c. 1300, "bondsman; common man, man of low birth," from Old Norse karl "man (as opposed to "woman"), male, freeman," from Proto-Germanic *karlon- (source also of Dutch karel "a fellow," Old High German karl "a man, husband), the same base that produced Old English ceorl "man of low degree" (see churl) and the masc. proper name Carl.
The Mellere was a stout carle for the nones [Chaucer]
"outgoing, overtly expressive person," 1916, extravert (spelled with -o- after 1918, by influence of introvert), from German Extravert, from extra "outside" (see extra-) + Latin vertere "to turn" (from PIE root *wer- (2) "to turn, bend"). Used (with introvert) in English by doctors and scientists in various literal senses since 1600s, but popularized in a psychological sense early 20c. by Carl Jung. Related: Extroverted.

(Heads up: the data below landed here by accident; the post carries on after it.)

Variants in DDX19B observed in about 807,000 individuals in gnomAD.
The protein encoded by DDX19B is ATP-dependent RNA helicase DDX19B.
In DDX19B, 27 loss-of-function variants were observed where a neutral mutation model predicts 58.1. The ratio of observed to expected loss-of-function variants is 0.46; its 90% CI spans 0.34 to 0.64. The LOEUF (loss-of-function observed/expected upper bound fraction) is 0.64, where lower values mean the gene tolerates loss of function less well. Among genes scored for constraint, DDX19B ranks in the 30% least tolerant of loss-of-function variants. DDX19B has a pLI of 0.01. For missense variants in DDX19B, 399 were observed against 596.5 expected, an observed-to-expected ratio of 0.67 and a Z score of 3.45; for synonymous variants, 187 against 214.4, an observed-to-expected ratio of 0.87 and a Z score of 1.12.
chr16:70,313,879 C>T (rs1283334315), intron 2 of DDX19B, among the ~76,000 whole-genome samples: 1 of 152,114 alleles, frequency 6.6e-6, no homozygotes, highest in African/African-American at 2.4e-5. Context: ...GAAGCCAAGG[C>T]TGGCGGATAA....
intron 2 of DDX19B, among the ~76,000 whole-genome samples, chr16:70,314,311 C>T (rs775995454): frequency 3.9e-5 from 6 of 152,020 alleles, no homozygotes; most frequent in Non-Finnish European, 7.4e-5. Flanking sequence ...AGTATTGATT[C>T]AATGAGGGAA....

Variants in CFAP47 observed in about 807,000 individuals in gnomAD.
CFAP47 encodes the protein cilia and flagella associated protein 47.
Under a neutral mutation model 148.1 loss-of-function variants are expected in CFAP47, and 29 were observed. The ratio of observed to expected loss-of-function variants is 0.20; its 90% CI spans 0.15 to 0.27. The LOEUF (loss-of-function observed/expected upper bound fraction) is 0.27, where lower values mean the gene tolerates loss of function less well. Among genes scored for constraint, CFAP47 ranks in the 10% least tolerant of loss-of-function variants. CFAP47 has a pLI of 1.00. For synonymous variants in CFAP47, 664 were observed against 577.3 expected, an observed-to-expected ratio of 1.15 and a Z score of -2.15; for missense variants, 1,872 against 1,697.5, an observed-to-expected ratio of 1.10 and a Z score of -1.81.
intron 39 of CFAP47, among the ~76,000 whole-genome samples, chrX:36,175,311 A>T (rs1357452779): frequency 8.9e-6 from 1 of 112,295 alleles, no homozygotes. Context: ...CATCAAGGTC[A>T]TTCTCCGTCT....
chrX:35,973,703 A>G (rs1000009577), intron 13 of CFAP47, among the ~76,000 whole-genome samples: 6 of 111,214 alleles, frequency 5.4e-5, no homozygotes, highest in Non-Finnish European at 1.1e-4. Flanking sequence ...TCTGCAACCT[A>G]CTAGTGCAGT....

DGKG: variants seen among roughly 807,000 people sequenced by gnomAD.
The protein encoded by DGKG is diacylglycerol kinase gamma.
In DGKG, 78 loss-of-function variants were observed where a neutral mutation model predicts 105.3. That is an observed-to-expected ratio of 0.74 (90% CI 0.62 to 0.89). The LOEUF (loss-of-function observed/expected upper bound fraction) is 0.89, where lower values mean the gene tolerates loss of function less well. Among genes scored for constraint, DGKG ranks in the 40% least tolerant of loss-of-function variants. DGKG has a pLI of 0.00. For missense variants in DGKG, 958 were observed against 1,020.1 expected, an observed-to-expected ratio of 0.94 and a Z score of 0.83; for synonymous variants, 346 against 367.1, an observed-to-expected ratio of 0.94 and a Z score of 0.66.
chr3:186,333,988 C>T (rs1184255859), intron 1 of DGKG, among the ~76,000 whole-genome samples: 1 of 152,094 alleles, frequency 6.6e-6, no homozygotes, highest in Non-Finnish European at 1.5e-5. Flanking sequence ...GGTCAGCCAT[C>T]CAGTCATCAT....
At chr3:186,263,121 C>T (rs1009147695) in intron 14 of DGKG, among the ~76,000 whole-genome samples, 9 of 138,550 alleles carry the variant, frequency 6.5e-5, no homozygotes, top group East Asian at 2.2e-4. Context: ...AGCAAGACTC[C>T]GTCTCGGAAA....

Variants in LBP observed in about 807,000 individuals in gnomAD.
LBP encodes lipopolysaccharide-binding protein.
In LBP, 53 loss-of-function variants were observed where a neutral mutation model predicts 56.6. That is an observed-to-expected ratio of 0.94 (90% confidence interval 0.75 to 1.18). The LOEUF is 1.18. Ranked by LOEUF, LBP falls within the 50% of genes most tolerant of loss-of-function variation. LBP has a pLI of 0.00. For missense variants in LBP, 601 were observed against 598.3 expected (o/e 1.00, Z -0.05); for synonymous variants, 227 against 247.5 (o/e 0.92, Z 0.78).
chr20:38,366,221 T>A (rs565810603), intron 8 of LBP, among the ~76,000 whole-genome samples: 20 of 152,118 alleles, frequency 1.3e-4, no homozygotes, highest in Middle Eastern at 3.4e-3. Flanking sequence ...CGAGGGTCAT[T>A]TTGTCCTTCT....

1650s, "a whole comprised of interconnected parts," from complex (adj.). Latin completus as a noun meant "a surrounding, embracing, connection, relation." Psychological sense of "connected group of repressed ideas" was established by C.G. Jung, 1907.